Day 53: Monday 27 December 2010. The Sleeping Camel,
Bamako, Mali. N12 37.525 W007 59.278 Distance driven 0 km
One of the unfortunate features of getting old is the need to get up
in the night. It is particularly unfortunate if you happen to be sleeping on the
roof a Land Rover!
One of the guiding principles of the chemical engineer is the mass balance.
Simply stated:- "what goes in must come out unless it stays there". Here
in the tropics, and especially here in dry central Africa, the the physiological
fluid balance is heavily affected by perspiration or transpiration.
Result: I no longer have to get up in the night! Wonderful! It also
probably means that I am not drinking enough in spite of 3 pints of tea, 2
litres of water, 2 cokes and 2 beers a day. That's about 5 litres and we are
spending most of our time in the shade!
We have now sorted out our Mali programme. We'll stay here in Bamako
tomorrow, leave on the 29th for Djenne and spend a couple of days in the Djenne
and Segou area before moving on to Mopti. On the 2nd we will meet up with
the guys who run the Sleeping Camel, in Bandiagara, to go on a 3 day walking
tour of the Dogon country. After that, on the 5th, we'll drive in company
with them to Timboctou for a couple of days, so we will probably not be crossing
into Burkina Faso until January 9th. This will put us about 5 days behind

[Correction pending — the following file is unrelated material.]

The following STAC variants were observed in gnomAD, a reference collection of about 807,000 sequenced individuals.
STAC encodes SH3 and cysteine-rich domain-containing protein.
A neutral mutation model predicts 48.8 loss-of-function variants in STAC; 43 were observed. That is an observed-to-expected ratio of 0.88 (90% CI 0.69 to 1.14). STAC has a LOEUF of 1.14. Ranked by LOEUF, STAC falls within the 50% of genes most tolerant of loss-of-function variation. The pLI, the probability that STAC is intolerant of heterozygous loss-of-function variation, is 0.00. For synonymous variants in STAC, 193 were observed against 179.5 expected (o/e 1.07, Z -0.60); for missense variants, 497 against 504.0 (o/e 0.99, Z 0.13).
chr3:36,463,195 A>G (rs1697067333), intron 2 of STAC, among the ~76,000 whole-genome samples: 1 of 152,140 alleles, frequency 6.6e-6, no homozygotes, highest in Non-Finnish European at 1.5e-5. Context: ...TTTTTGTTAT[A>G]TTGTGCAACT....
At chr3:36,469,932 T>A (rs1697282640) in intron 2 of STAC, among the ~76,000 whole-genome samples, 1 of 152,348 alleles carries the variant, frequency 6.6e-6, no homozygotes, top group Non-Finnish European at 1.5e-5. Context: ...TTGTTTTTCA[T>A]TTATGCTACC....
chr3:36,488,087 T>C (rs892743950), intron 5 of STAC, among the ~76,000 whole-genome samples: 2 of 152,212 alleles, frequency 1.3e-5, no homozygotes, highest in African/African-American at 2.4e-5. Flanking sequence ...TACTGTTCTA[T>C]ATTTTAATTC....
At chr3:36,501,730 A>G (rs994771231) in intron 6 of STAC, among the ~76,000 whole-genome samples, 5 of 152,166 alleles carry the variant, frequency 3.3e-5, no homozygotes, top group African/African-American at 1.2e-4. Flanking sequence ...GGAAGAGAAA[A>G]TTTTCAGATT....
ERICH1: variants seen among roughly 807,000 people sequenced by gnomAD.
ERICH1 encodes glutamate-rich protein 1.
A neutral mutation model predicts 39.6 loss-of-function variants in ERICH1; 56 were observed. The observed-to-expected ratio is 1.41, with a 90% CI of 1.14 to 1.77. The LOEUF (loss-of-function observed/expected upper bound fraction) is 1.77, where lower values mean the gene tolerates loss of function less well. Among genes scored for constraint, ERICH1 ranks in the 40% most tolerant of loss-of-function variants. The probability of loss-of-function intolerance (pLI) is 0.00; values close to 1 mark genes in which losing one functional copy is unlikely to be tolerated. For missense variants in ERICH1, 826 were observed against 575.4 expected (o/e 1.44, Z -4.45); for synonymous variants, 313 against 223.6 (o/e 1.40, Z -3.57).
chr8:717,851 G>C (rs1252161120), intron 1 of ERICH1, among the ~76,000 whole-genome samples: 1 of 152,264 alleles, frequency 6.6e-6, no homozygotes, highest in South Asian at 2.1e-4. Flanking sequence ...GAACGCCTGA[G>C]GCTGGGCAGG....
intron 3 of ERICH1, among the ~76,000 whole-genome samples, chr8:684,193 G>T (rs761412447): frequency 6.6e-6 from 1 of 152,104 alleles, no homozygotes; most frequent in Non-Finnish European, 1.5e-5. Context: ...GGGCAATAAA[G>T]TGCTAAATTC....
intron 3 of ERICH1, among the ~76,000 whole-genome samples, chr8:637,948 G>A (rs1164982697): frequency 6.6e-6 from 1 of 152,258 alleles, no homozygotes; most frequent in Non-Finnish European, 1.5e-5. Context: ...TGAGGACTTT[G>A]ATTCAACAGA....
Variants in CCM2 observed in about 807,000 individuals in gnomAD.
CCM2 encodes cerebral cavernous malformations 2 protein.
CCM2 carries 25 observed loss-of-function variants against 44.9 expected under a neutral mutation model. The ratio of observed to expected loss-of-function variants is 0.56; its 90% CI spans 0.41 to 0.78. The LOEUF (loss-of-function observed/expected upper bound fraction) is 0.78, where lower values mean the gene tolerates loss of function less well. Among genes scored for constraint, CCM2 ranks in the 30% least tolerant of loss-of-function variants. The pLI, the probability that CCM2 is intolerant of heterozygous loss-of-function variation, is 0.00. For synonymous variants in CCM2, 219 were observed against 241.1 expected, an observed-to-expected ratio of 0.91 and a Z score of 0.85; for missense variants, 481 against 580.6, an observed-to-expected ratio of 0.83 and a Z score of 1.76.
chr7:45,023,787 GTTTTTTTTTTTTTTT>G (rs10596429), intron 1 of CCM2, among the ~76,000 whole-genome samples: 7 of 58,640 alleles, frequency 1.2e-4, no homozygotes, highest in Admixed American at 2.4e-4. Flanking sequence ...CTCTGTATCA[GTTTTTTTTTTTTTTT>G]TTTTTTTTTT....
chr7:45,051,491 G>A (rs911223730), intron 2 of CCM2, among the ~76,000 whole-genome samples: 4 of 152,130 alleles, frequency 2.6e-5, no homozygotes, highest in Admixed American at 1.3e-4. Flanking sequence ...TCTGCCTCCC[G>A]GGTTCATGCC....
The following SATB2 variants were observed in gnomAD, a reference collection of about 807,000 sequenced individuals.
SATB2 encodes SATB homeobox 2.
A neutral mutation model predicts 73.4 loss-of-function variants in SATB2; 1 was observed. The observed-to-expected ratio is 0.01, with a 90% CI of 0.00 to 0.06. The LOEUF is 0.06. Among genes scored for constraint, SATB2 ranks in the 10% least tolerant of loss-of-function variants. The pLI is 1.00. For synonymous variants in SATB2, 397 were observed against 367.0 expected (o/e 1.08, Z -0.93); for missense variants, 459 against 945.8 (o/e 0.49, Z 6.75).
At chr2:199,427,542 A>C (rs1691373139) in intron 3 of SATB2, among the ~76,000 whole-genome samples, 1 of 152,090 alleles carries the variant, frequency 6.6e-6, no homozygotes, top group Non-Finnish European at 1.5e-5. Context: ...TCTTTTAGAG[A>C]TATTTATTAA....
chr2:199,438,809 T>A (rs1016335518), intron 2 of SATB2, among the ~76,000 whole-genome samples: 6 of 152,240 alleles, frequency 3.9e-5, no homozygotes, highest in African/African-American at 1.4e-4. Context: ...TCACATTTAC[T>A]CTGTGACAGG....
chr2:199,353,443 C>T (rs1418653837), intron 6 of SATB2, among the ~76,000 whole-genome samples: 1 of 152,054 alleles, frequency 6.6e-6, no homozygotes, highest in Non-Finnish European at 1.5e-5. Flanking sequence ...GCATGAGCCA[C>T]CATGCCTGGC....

schedule but we should be able to make that up by the time we leave
Nigeria. There is so much to see in Mali that we place a higher priority
on time spent here rather than, say, Nigeria.
We have decided to apply for our Ghanian visas in Burkina Faso, rather than
here, as it seems to be easier and cheaper. In Accra, Ghana we'll get our
Nigerian visas. Both the visas for Benin and Togo are issued at the border
but we are going to see if we can obtain visas for Gabon and DRC in Lome,
Togo in order to cut down the time we spend in Abuja, Nigeria. One is constantly
having to seek information from other travellers as to their experiences in
getting visas and plan well ahead. Only another 7 visas to obtain!
Unfortunately, these visa applications inevitably take us into capital cities
which, in general, is not where we want to be. Big cities bring traffic
congestion, pollution, traffic police, parking and security problems as well as